Hey Gloomy Gus- watch this ten times in a row. Then you’ll either be happier and excited about the future, or insane and uncaring. Win, win:

    http://www.youtube.com/watch?v=UThK7PNceF0&feature=related

    Life will go on, at least for a while. Interest rates will fall further and a stream of buyers will appear to take advantage of record low rates and rising prices. Europe’s collapse will send money into America. People will need shelter. Some, (with more vocal wives?) will need nicer shelter. Depressions happen on the margin- the 20% unemployed still leave 80% with money, hunting for bargins. Not all areas will suffer the same. Always remember, Seattle is special, home to the Pink Yeti. And get one of those “Life Is Good” t-shirts. (those guys are millionaires).

    http://www.huffingtonpost.com/2011/10/10/scientists-found-siberian-yeti_n_1003639.html

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  11. Kary L. Krismer

    By Jonness @ 9:

    My housing-related suggestion is, if you want to buy a house and need to take out a mortgage, stay way within your means. The future is very uncertain right now.

    Isn’t that always good advice?

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  12. wreckingbull

    RE: Jonness @ 9 – Not that we need any more car analogies, but the engine is idling well. The only problem is that we are spraying starting fluid in the carb, and the can is almost empty. We can’t talk about a recovery until rates return to a non-manipulated equilibrium.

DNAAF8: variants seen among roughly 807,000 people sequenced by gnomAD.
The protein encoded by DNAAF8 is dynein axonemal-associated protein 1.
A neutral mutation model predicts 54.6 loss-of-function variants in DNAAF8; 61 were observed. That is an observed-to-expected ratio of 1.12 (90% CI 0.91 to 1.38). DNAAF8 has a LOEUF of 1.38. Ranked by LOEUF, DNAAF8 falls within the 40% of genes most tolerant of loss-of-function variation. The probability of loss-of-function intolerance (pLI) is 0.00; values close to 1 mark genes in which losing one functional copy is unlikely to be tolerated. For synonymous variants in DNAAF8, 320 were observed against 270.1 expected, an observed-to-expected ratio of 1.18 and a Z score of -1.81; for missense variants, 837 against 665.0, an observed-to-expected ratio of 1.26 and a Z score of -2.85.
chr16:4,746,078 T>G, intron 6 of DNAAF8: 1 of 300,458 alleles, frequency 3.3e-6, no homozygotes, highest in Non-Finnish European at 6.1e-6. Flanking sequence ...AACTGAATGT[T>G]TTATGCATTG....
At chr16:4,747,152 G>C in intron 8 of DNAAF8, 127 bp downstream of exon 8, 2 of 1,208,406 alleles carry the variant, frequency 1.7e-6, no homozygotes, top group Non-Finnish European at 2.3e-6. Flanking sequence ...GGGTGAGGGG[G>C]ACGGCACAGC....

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  13. Kary L. Krismer

    RE: wreckingbull @ 12 – We should get a more modern car–one less than 20 years old that has fuel injection. ;-)

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  14. DMac

    RE: Scotsman @ 10

    Somehow, I tend to think that of those the Depression is happening to “on the margin” may not feel as sanguine as you do regarding the disasterous financial implosions of their lives. There are already too many ruined generations as we speak, let’s not attempt to brush off the real – world implications of another Depression with a “let them eat cake” attitude.

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  15. wreckingbull

    RE: Kary L. Krismer @ 13 – Actually good point. I think the sweet spot for automotive fuel systems was right around the 1998 timeframe. Good, solid, fuel injection systems, but without all the computerized crap.

    Maybe one could equate that to our economy too.

    Carbed: 1850-1940
    Sweet Spot:1940 – 2000
    Ridiculously complicated and difficult to fix: 2000 to today.

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  16. Scotsman

    RE: DMac @ 14

    An economic depression is defined as a 10% or more drop in GDP. It’s not the end of the world. Does a 10% reduction in your income destroy your life, or does it just force some adjustments? As a practical matter a 10% drop only affects those who are living right at or above their income, not those who are currently saving 15%. You know, like the government and the 90% of the population who have no idea what “saving” means.

    The correct analogy isn’t “let them eat cake” but rather “I want to have my cake and eat it too.” And I want it for free. Seriously- I’m not the problem here. Nor is George Bush. It’s the mindset of entitlement, the unwillingness to say “no” to anyone or thing, and the idea that all problems are someone else’s fault, not yours.

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  17. Scotsman

    RE: wreckingbull @ 15

    GM’s basic throttle body injection- brilliant!

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  18. DMac

    RE: Scotsman @ 16